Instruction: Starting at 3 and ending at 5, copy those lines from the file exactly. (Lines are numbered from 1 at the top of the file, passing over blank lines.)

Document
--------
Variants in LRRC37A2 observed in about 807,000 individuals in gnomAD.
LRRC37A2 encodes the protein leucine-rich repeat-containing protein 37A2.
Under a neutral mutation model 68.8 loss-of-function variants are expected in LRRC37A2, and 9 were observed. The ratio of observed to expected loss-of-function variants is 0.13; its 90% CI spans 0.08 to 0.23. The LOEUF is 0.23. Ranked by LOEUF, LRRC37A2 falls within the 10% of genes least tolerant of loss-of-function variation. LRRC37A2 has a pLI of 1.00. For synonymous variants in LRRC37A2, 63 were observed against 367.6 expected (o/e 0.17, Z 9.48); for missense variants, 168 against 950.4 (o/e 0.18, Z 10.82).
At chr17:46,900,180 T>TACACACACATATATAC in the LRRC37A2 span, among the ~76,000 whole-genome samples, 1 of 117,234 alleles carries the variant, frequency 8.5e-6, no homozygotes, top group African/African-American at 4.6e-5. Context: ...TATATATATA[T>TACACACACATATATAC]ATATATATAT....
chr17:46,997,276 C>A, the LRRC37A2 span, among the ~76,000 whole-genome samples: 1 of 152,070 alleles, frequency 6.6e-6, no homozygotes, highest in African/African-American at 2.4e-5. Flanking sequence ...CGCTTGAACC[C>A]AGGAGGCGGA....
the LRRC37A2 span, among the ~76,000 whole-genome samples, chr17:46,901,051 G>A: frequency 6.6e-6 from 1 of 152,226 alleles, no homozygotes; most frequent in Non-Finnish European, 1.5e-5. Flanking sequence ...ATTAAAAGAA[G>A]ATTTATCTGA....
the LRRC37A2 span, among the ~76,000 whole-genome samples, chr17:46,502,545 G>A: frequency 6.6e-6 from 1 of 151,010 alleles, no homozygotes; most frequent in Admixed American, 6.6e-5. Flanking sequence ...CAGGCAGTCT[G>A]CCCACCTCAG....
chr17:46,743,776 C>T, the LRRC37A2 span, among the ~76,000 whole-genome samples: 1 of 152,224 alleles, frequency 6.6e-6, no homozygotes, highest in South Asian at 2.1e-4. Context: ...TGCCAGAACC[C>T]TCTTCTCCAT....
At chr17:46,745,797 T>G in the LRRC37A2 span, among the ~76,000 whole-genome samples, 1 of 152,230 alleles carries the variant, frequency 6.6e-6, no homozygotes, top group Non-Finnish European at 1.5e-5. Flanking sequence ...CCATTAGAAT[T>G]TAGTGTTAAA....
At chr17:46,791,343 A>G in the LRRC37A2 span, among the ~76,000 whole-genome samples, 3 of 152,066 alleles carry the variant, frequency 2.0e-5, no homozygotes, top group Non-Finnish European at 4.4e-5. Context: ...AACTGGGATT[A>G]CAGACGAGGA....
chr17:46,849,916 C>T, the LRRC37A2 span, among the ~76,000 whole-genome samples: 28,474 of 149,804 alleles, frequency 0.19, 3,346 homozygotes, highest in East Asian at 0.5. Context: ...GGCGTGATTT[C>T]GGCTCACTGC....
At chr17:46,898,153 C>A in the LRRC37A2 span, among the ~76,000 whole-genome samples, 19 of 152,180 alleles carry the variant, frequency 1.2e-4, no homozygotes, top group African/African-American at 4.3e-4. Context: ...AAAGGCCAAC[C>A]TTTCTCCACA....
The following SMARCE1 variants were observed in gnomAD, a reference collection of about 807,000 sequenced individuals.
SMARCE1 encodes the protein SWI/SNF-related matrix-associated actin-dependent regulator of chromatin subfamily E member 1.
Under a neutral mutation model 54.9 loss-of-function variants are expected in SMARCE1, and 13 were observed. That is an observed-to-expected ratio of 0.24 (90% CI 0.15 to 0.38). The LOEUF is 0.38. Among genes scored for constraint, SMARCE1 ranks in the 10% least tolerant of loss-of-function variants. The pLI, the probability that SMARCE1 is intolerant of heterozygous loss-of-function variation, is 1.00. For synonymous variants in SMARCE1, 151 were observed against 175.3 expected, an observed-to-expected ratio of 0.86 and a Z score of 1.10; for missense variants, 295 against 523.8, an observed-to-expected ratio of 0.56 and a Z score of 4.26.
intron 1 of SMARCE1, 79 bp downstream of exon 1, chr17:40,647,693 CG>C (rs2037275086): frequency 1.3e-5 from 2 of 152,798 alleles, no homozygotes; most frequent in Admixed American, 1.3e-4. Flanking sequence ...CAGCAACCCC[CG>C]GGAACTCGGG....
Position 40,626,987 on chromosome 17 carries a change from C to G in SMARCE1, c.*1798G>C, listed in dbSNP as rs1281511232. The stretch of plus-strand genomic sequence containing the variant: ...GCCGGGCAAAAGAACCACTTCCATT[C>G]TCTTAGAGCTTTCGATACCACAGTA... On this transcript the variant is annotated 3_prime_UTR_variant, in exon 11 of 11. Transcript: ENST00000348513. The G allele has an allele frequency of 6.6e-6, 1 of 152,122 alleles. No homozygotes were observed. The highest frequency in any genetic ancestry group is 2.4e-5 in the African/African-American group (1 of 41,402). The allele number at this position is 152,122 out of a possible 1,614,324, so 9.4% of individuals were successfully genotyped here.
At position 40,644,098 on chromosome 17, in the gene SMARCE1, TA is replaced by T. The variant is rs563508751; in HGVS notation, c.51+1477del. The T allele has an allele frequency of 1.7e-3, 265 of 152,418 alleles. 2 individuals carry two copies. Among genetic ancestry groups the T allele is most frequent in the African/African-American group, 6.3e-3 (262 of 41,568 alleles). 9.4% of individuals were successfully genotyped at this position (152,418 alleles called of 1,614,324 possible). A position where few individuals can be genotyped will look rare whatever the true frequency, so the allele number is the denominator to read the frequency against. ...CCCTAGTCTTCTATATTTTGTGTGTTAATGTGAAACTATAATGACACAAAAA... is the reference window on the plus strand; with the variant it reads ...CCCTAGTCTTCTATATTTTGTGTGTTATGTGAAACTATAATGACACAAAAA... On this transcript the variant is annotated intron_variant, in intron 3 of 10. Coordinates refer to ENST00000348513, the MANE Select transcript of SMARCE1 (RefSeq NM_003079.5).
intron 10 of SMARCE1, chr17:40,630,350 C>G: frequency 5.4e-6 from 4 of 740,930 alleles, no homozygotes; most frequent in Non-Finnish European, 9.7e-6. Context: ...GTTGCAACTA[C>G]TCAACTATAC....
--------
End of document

Under a neutral mutation model 68.8 loss-of-function variants are expected in LRRC37A2, and 9 were observed. The ratio of observed to expected loss-of-function variants is 0.13; its 90% CI spans 0.08 to 0.23. The LOEUF is 0.23. Ranked by LOEUF, LRRC37A2 falls within the 10% of genes least tolerant of loss-of-function variation. LRRC37A2 has a pLI of 1.00. For synonymous variants in LRRC37A2, 63 were observed against 367.6 expected (o/e 0.17, Z 9.48); for missense variants, 168 against 950.4 (o/e 0.18, Z 10.82).
At chr17:46,900,180 T>TACACACACATATATAC in the LRRC37A2 span, among the ~76,000 whole-genome samples, 1 of 117,234 alleles carries the variant, frequency 8.5e-6, no homozygotes, top group African/African-American at 4.6e-5. Context: ...TATATATATA[T>TACACACACATATATAC]ATATATATAT....
chr17:46,997,276 C>A, the LRRC37A2 span, among the ~76,000 whole-genome samples: 1 of 152,070 alleles, frequency 6.6e-6, no homozygotes, highest in African/African-American at 2.4e-5. Flanking sequence ...CGCTTGAACC[C>A]AGGAGGCGGA....